Complications and Risk Factors Associated With a Syphilis Rash

Even though primary syphilis bumps can disappear on their own, the bacteria remain in the body, and a person can infect others while putting themselves at risk for complications of a tertiary phase (the third phase of syphilis) 10 to 30 years later. Possible complications include:

  • Heart, brain, and blood vessel damage (cardiovascular syphilis)
  • Nerve, spinal cord, and brain damage (neurosyphilis)
  • Bone and joint damage
  • Skin, bone, and liver tumors called gummas

When to See a Healthcare Provider

See your healthcare provider if you experience any of the following scenarios:

  • Syphilis symptoms or having a partner with syphilis symptoms
  • A sexual partner who has been diagnosed with syphilis or another STI
  • Having had sex with a new partner without a condom
  • Being pregnant or wanting to become pregnant and having syphilis symptoms
  • Using a drug needle that is shared with a person with syphilis symptoms

Are There Tests to Diagnose Syphilis?

Syphilis is usually diagnosed with a blood test. At times, a spinal fluid test is conducted. There might be a second test to confirm the bacterium is that of syphilis if the blood test is positive.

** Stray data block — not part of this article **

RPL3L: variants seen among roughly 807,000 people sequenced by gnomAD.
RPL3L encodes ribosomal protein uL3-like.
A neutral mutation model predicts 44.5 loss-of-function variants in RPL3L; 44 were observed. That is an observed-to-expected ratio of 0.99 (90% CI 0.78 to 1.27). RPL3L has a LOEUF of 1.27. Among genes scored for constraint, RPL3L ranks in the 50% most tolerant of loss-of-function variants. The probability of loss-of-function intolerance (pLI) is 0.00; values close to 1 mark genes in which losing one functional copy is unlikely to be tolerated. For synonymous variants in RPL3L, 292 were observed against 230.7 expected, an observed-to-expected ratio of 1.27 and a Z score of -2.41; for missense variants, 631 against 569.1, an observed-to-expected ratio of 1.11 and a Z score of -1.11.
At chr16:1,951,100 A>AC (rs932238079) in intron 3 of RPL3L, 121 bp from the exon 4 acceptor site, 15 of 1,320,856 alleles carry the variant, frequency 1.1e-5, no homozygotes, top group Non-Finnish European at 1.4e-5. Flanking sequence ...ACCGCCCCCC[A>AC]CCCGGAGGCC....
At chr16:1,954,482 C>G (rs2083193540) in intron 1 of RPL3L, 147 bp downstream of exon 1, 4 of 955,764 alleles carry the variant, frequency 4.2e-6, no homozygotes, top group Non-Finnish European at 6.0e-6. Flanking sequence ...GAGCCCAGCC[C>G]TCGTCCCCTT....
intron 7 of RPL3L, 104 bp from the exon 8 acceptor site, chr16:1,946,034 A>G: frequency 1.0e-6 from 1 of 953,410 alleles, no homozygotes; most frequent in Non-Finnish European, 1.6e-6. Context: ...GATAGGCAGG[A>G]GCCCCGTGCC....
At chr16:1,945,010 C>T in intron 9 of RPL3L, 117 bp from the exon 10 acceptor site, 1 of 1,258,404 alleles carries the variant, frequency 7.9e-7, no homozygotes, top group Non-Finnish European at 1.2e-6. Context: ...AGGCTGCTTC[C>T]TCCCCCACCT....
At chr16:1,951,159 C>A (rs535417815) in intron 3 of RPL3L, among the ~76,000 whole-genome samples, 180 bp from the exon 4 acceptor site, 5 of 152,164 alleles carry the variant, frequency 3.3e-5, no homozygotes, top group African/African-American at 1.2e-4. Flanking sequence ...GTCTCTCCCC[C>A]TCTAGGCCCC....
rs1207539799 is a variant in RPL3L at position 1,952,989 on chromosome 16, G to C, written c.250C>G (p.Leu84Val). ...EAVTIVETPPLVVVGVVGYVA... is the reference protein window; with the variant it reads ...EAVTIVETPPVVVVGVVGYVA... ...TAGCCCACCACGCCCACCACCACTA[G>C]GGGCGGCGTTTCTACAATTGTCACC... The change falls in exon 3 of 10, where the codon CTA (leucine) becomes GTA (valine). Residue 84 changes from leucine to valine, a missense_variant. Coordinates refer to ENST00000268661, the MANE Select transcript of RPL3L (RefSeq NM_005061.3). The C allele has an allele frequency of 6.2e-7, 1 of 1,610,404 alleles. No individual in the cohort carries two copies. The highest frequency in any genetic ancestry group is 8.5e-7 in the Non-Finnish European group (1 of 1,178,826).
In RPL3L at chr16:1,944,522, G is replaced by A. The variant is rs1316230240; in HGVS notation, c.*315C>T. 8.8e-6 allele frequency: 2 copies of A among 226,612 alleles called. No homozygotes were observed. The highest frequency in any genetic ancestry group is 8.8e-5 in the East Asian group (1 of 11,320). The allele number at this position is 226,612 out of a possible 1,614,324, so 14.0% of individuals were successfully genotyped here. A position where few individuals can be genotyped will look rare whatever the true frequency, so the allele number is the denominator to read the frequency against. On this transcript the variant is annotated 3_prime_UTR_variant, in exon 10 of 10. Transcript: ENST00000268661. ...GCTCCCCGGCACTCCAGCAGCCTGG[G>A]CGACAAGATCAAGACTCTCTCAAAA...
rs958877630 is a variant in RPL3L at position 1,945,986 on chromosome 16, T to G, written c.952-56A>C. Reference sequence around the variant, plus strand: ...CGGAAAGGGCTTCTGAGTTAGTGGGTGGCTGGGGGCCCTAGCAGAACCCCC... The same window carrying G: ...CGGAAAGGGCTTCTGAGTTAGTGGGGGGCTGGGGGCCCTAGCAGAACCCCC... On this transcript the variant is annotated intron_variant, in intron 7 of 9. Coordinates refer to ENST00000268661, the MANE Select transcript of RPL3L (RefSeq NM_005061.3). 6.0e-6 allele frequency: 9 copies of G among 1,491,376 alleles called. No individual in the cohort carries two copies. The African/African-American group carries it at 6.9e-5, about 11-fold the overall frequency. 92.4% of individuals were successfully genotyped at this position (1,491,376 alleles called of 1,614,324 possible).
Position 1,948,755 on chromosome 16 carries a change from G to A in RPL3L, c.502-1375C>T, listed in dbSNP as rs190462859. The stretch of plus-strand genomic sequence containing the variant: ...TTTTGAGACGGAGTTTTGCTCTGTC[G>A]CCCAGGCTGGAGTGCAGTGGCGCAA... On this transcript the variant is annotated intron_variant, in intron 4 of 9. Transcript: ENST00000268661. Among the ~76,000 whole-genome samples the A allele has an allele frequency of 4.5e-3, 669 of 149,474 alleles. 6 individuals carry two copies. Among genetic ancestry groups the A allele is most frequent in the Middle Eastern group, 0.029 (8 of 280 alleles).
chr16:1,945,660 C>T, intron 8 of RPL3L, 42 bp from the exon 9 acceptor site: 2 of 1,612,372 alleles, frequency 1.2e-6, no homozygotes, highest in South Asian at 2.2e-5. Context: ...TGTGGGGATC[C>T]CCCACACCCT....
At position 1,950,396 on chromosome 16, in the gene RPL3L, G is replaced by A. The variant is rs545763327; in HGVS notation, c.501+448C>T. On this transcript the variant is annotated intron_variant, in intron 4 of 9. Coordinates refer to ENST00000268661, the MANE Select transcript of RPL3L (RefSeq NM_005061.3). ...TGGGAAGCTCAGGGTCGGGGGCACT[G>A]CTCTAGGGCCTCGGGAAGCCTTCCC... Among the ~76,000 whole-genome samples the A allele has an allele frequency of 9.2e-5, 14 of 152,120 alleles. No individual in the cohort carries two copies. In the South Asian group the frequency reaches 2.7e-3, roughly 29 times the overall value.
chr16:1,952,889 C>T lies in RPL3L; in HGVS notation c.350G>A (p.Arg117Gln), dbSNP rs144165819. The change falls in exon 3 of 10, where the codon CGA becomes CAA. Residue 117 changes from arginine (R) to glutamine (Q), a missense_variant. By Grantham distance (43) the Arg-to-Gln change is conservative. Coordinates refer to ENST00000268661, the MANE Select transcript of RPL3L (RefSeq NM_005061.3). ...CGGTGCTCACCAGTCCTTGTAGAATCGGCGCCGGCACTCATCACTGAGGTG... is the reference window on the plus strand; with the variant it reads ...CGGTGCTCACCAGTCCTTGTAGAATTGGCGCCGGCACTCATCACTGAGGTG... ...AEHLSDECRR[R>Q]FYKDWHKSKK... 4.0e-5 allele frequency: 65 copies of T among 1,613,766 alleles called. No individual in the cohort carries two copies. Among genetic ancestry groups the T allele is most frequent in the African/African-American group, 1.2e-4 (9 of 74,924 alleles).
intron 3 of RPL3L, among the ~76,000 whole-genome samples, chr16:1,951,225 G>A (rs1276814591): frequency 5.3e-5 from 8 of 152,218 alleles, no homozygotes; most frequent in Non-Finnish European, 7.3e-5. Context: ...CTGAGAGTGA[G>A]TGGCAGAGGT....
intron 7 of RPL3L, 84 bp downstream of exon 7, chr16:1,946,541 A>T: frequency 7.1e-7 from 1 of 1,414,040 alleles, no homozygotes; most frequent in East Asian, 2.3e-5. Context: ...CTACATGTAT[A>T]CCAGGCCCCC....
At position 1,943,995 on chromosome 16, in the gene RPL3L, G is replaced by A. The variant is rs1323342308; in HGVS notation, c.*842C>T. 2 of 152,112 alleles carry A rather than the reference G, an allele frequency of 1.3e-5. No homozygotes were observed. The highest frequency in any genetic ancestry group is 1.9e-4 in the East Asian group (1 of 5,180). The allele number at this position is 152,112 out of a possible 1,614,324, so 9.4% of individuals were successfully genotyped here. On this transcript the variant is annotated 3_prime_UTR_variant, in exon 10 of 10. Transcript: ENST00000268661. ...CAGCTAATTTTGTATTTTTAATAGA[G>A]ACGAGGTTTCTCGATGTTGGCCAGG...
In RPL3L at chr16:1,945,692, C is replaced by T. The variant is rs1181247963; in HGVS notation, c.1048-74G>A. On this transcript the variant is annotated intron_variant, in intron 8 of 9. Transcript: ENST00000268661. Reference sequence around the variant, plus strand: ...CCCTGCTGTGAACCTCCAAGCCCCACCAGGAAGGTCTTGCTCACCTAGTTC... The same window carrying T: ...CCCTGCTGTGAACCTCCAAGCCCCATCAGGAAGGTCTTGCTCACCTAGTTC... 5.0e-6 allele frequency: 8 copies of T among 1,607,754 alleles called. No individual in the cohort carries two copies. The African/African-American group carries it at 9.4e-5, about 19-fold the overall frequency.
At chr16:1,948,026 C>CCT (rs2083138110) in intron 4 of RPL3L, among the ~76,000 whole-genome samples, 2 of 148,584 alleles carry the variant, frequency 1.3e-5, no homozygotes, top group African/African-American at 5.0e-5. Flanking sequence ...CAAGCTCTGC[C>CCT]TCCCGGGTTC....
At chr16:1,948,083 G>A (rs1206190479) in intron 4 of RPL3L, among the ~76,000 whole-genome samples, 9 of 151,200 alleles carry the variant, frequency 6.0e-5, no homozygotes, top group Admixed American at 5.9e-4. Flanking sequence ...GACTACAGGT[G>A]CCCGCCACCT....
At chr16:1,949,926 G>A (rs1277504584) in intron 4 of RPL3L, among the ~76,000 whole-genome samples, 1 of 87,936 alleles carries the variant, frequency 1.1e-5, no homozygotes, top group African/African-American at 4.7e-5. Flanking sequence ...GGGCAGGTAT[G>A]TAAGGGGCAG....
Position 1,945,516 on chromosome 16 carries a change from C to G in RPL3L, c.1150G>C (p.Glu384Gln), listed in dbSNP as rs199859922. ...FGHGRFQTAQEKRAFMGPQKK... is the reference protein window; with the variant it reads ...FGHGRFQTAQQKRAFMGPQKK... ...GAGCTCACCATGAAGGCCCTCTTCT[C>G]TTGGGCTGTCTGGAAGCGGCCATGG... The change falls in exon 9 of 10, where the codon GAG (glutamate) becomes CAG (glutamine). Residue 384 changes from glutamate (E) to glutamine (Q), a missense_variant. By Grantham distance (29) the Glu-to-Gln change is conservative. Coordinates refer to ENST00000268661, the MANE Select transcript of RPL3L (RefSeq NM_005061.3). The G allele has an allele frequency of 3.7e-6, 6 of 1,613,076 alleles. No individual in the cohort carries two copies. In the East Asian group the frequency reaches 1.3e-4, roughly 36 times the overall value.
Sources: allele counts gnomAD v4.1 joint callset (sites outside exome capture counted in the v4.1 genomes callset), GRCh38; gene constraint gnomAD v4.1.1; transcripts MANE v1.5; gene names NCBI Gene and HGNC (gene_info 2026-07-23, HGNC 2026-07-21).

There are also at-home syphilis tests in which you typically take a blood sample from a finger prick and mail it to a lab.

How to Treat Syphilis

Syphilis is treated with antibiotics like penicillin. Syphilis treatment also includes:

  • Blood tests at three, six, 12, and 24 months after treatment to check if the bacteria is still present
  • Avoiding sexual contact and/or using condoms until the infection has been successfully treated
  • Treatment for any sexual partners of a person who has syphilis


Syphilis is an STI caused by the bacterium Treponema pallidum. There are four stages of syphilis symptoms: primary, secondary, latent, and tertiary.

The primary stage of syphilis includes a sore on the genitals, mouth, skin, or rectum and swelling of the lymph nodes. The secondary stage is when most syphilis symptoms appear. These include rash, warts, swelling of the lymph nodes, fever, body pain, hair loss, and vision problems.

It's advised to get tested for syphilis at the first sign of syphilis or if a sexual partner has symptoms of syphilis. If left untreated, syphilis can attack all of the body's organs, joints, and bones. Syphilis is usually diagnosed with a blood test and treated with antibiotics.

A Word From Verywell

Noticing syphilis symptoms may cause apprehension, but the infection is usually easily diagnosed and treated.